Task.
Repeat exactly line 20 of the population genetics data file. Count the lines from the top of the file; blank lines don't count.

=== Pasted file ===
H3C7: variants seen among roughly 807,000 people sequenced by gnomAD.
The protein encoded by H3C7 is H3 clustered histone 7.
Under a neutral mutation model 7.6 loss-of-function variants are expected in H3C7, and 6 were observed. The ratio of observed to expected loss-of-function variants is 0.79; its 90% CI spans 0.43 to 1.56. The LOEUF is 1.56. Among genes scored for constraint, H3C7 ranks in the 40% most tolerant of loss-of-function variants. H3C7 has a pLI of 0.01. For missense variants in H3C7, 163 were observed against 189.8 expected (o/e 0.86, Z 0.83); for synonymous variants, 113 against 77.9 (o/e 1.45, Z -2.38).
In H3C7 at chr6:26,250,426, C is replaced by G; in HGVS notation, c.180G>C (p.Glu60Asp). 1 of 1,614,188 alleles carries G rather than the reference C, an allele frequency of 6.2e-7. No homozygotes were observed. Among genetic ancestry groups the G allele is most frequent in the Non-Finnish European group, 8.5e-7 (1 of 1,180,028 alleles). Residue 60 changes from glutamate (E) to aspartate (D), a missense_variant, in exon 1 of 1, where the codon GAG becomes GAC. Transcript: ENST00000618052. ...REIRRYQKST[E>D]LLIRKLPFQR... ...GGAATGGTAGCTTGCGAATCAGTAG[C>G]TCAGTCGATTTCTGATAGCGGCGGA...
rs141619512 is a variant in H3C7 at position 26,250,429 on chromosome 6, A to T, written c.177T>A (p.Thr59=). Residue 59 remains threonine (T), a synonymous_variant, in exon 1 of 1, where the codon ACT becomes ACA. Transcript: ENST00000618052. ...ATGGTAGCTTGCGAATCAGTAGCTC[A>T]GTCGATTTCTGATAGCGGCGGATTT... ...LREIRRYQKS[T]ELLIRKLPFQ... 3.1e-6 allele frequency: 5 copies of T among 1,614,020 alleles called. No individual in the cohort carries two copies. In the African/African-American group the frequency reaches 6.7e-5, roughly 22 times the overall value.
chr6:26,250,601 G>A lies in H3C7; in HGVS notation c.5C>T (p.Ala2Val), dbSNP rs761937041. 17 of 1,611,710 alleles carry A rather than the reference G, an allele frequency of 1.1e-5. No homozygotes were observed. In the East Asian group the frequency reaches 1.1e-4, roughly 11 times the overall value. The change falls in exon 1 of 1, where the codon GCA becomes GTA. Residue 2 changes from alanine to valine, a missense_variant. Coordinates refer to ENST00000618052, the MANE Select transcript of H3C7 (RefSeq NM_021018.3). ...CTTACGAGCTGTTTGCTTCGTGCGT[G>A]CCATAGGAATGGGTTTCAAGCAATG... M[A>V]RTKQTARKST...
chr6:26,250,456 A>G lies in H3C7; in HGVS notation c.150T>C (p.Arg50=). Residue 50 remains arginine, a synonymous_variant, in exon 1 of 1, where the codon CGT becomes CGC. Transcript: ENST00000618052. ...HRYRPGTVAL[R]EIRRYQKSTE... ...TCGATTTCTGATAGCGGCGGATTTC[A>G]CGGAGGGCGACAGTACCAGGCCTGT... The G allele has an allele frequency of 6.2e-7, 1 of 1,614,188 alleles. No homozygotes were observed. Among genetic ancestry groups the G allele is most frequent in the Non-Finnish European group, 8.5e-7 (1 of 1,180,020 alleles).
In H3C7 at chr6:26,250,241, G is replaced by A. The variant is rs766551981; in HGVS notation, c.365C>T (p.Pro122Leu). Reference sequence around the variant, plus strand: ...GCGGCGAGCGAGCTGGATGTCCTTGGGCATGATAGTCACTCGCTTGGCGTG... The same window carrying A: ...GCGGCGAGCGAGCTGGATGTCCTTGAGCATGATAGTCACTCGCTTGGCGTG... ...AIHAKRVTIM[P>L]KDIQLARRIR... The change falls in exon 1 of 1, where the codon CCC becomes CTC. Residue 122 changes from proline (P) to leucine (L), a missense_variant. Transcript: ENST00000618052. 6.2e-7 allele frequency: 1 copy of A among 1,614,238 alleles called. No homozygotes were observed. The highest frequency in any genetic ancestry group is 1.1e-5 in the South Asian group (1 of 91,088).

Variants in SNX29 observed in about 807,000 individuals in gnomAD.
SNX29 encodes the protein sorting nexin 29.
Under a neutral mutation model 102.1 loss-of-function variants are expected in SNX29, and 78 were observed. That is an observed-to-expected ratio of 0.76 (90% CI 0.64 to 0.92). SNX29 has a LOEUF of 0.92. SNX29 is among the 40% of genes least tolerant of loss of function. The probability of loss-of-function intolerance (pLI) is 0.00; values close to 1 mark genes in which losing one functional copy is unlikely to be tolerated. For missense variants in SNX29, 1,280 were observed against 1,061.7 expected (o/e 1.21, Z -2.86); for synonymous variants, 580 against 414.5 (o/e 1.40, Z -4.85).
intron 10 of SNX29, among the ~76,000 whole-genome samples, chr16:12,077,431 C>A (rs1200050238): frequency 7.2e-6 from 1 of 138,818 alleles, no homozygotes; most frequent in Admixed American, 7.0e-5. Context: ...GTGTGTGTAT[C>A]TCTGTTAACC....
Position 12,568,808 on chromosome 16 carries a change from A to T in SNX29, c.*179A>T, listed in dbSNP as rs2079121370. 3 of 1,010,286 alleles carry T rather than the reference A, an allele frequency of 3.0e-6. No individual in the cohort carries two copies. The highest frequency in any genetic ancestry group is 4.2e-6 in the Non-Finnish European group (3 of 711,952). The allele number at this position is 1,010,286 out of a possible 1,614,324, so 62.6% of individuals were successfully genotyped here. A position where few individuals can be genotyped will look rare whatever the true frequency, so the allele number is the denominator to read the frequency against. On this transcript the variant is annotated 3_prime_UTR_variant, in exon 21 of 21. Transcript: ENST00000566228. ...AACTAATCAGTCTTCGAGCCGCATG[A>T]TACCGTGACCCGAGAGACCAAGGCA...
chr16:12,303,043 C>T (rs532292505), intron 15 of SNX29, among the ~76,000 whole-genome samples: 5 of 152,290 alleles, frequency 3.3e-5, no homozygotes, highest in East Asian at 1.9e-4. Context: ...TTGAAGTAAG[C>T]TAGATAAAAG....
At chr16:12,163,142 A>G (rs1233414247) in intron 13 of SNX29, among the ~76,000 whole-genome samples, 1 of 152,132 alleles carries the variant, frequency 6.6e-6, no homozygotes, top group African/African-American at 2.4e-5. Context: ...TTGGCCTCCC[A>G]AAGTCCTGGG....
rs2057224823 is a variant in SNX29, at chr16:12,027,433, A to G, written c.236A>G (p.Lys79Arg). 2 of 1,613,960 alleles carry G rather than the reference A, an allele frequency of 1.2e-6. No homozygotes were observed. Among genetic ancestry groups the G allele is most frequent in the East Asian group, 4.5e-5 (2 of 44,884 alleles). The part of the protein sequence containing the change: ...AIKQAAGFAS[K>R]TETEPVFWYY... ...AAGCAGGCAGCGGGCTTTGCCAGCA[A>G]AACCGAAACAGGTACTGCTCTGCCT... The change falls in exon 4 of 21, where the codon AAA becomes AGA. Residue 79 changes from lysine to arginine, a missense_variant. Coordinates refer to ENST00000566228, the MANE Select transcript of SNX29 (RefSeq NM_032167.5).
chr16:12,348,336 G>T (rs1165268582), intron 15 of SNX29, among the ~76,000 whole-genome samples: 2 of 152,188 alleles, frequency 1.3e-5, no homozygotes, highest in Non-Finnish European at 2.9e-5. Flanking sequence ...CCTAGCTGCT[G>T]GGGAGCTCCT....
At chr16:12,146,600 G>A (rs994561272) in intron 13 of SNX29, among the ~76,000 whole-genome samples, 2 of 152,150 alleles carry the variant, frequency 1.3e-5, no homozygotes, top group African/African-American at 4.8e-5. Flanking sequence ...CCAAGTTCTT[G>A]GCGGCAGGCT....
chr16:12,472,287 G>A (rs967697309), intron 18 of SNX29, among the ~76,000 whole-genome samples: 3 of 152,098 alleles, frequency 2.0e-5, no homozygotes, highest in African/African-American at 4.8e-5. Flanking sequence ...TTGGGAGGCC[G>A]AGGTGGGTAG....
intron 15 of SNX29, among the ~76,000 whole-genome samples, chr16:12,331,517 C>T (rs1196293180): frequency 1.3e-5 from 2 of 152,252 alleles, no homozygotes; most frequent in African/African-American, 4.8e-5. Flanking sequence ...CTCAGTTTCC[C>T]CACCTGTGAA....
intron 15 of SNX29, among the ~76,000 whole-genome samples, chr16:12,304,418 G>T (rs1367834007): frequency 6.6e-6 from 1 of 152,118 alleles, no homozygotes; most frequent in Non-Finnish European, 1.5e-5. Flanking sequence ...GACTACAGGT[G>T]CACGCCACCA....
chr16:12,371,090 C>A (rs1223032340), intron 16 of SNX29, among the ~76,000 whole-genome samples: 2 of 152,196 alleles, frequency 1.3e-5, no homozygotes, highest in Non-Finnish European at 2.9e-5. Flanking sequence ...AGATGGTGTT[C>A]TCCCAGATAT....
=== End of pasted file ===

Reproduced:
intron 15 of SNX29, among the ~76,000 whole-genome samples, chr16:12,331,517 C>T (rs1196293180): frequency 1.3e-5 from 2 of 152,252 alleles, no homozygotes; most frequent in African/African-American, 4.8e-5. Flanking sequence ...CTCAGTTTCC[C>T]CACCTGTGAA....